Secondary education though is a HUGE problem for KCMO. These problems are well documented, and I addressed them at length last year - -you can read those recommendations here, here,here and here. I still think giving more control to the schools on a micro-local level (although keeping funding flat across the entire system) is a key to letting people feel like they have more control over improving the public school system. Until we can build out the solutions to the public schools, KCMO needs to promote the deep charter school systerm as an alternative for people to realize that not all of the schools in KCMO are a problem. But we are, sooner, rather than later, with the help of school board, the city, and individuals and private businesses, need to completely address and overhaul the public schools. This cannot continue.
Quality of Life
This is broad -- but the three biggest elements on the money list for this are low crime, short commute times and air quality.
To tackle the easiest one first, I think the commute times is a huge advantage for KCMO. Again, with 36% of the jobs in KCMO, and majority of those concentrated in downtown, Midtown and the Plaza, living in KCMO is close to jobs for people. And as gas prices go up, and the desire for long commute times goes down, people will WANT to move into the city vs continuing sprawl into Northern Oklahoma. But in addition to being close to jobs, we MUST provide multiple avenues for people to reach their jobs -- this includes good roads, better bus routes, light rail (yes, light rail, and more on this on Friday), bike lanes and bike routes, and a more pedestrian-friendly city that allows people to get to work the easiest and in the most prefered ways.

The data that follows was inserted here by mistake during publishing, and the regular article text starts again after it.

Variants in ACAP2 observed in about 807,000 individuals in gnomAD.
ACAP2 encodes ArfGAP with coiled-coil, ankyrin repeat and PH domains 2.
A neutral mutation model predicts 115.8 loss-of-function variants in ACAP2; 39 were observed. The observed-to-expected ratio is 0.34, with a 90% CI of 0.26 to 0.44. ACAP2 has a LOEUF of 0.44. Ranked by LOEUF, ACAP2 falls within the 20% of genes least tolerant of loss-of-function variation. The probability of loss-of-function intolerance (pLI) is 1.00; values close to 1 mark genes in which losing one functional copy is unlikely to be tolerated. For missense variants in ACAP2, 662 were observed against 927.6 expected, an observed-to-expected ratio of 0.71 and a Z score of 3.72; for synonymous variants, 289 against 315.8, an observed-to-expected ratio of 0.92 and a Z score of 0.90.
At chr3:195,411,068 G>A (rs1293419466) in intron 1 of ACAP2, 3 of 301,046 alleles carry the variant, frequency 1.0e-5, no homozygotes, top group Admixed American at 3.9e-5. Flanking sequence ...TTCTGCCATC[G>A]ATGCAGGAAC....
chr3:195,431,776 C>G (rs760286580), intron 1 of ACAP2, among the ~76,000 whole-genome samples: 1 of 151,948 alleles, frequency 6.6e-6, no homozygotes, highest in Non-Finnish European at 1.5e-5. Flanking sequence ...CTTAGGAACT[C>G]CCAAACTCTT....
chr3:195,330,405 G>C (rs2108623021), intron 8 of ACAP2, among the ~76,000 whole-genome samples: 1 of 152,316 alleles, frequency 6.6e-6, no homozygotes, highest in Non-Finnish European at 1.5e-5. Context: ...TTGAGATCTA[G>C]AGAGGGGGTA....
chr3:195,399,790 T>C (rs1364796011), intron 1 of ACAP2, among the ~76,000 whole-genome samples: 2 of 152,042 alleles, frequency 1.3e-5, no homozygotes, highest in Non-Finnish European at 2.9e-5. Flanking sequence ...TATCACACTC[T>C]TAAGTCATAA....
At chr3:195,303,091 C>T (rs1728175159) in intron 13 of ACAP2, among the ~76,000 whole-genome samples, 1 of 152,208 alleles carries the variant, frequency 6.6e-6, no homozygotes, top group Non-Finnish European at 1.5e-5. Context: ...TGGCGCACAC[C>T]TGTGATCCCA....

Crime is a bit tougher, because so many pieces are interconnected. Improving the schools will improve crime because youth will have more options than crime to make money. Improving the number of jobs available and the access to these jobs will improve crime. We'll address these later this week when we talk about helping the urban poor.
Making Kansas City more livable is also help with crime -- as empty/abandoned homes, neglected neighborhoods and yards, etc will not provide safe havens for drugs, prostitution and other crimes. But in order to bring people into the neighborhoods, they will have to feel safe. The single best way to improve crime in the short run is through increased police presence and judges who will lock up habitual criminals. A couple of weeks ago, at a neighborhood community leaders meeting, Police Chief Jim Corwin announced that he was submitting into next year's budget a request for 50 more police officers to serve KCMO. This MUST HAPPEN. In fact, give him 75, or 100. Seriously. Until people feel safe in their homes in KCMO, people will not move to the city. Until we get these people to move to the city, we will not have the tax revenue to make some of the necessary infastructure improvements anyway. Until we fill in some of these empty homes with people who are willing to fix them up and improve the neighborhoods, we will continue to have safe havens for criminals, making law enforcement harder.
Nothing improves the safety of a neighborhood like people out walking their dogs, playing in yards and parks with their children, jogging, sitting on front porches, and looing out for others. BUT PEOPLE WILL NOT DO THIS UNTIL THEY FEEL SAFE! Let's investment spend in our police force. Improve the police presence, and get people feeling safe living in KCMO again. When they do, and they begin to spend time in the neighborhoods, the "bad guys" will not be pushed out. Once we get the neighborhoods shored up, neighborhood watch programs can again be effective. Put increasing the staffing of the police force is crucial for the success of the city. It must happen. And must happen now.
Tomorrow, I'll address the final three quality of life factors.